Eggs contain vitamins, minerals, healthy fats, and protein, but research on their benefits and risks remains murky.
My earliest egg memory is from a camping trip with my family. My dad scrambled a few whites and yolks over an open fire, and my brother and I groaned — eggs, again? Ah, but these aren’t regular eggs; they’re camp eggs, my dad responded as he sprinkled shredded cheese over the still jammy scramble. It was enough to convince two elementary school kids that this new concoction was worthy of our palates. My parents still make “camp eggs” anytime we happen to be over before lunch.
My affinity for the breakfast staple remains strong. I never show up to a gathering, cookout, or party without a tray of creamy, tangy deviled eggs. I top avocado toast with an over-easy version a few times a week, and if there are eggs Benedict or shakshuka on a brunch menu, you can bet that’s what I’ll be ordering.
Weekly, my intake varies. But even when my consumption ticks into the five to seven range, I’ve never given it a second thought because, well… eggs are healthy, right? Turns out, it depends on who you ask.
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Humans have relied on this particular animal protein as a nutrient source for millennia. As society progressed, eggs remained a household ingredient due to their availability, affordability, and nutritional value — they contain all nine essential amino acids, vitamins A, D, and E, choline, folate, and iron. But in 1968, the American Heart Association, concerned by a correlation between cholesterol levels and heart disease, updated its dietary guidelines, recommending that individuals eat no more than 300 mg of cholesterol per week or about three eggs.
The industry set out to prove them wrong. Years of research concluded that, generally, dietary cholesterol doesn’t have an influence on the cholesterol levels in our blood that contribute to health issues. Additional studies showed eggs, in particular, help maintain a healthy diet because they keep us fuller longer, contain xanthophylls that help protect eye health, and are a good source of choline, an essential nutrient that most people don’t get enough of.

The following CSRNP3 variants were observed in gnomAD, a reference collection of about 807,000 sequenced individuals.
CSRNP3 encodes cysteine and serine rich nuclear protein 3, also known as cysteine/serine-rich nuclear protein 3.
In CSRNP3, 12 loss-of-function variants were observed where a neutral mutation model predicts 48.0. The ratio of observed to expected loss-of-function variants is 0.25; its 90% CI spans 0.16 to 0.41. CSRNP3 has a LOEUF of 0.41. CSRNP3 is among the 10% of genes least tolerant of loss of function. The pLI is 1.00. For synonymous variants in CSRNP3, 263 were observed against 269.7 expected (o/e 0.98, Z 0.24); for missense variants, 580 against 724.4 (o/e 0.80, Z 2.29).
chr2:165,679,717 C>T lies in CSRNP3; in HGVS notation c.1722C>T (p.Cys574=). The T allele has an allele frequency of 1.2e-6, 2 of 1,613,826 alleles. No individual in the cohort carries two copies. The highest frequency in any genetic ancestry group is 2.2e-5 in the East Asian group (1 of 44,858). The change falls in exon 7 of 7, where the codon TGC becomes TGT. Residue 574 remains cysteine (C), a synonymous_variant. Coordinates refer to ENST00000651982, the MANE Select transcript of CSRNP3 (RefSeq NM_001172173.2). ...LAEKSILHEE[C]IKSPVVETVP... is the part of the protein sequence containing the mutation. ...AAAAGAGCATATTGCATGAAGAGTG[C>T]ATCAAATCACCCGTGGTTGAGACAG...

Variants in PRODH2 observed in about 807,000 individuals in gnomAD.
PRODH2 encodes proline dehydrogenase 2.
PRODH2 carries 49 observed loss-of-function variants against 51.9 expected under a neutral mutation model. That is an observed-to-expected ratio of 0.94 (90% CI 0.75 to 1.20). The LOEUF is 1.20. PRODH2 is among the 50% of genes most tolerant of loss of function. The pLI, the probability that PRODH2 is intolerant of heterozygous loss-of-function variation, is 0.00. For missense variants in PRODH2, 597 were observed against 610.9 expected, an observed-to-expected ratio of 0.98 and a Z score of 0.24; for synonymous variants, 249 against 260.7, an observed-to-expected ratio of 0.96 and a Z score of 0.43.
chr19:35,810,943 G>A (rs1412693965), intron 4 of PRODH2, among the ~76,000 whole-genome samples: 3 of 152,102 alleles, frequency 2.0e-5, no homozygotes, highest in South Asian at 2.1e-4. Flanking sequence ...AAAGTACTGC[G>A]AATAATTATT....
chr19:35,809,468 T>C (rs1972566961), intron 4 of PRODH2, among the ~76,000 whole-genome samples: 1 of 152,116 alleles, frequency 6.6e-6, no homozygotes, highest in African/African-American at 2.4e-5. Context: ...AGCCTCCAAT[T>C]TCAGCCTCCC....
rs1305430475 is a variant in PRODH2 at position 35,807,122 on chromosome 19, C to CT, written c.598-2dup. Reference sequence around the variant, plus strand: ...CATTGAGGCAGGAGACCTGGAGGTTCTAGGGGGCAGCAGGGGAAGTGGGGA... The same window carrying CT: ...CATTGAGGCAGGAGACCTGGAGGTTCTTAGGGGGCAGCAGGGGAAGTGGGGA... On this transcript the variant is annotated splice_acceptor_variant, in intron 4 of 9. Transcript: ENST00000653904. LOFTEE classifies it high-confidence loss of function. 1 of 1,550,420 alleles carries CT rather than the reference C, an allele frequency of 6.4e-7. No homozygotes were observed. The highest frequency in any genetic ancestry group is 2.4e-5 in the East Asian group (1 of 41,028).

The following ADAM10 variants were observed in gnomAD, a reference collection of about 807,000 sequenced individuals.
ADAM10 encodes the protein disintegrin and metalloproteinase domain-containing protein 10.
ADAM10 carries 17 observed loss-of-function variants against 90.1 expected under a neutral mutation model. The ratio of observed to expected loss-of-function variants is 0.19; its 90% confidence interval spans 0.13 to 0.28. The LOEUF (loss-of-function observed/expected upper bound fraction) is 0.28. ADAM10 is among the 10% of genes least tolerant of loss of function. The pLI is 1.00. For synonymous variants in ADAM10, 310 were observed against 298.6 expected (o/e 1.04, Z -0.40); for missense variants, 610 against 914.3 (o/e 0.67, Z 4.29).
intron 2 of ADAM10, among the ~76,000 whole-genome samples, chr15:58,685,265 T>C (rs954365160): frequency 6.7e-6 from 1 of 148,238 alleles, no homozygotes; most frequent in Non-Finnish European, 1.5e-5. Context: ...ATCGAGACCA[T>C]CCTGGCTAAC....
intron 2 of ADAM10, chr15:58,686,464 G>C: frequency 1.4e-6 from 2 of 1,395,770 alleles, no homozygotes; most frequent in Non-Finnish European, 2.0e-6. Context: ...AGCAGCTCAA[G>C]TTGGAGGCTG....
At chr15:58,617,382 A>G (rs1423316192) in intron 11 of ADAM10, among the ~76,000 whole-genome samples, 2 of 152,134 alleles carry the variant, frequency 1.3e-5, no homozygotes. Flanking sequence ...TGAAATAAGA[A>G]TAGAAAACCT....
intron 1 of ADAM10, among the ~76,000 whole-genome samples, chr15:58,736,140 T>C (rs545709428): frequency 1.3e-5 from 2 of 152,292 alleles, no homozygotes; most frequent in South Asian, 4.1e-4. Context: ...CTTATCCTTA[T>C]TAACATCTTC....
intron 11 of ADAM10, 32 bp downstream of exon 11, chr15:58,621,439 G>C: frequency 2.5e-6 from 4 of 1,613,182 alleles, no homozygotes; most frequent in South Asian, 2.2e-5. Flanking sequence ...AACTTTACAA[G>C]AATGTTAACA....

Still, it wasn’t until 2015 that eggs shed their bad rep. That year, the AHA dropped its recommendation that individuals consume 300 mg or less of cholesterol per week, and the breakfast favorite was in the clear. Or, so I thought.
A 2020 study of 215,000 people found that eating one egg per day is not associated with an increased risk of cardiovascular disease. Yet, a 2021 study disproved this, finding that consuming a daily yolk increases the likelihood of dying from cardiovascular disease and even cancer.
“Despite many years of research, this question about eggs and health has not been answered, with multiple observational studies over the last few decades showing conflicting results — some suggesting moderate egg intake is good, while others suggesting it may be bad,” Riyaz Patel, a consultant cardiologist at University College London, told CNN. “This study, although well conducted, unfortunately only adds more noise to the discussion.”
Whichever school of thought you follow, it’s safe to say eggs aren’t going anywhere. The ingredient is globally popular and used in cuisines across cultures, from the British scotch egg to the Korean gyeran-jjim (a steamed egg custard with scallions), the Japanese tamagoyaki omelet, the Spanish tortilla, and Mexican huevos rancheros.
For vegetarians, they’re also an essential source of protein — two eggs offer the same amount of protein in grams as one serving of meat. And while eggs are higher in cholesterol than meat, they include more copper, calcium, manganese, folate, vitamins A, E, D, B, and K, and healthy fats. Not to mention, they’re easier on the planet.
How you prepare eggs matters, too. For instance, a hard-boiled variety is better for you than a fried version that’s cooked in oil or butter. Of course, whatever style of egg you prefer, whether you ditch eggs for good or continue to indulge, it’s important to do what works for you and your body.
As for me, camp eggs with always have a place in my heart and my breakfast table.
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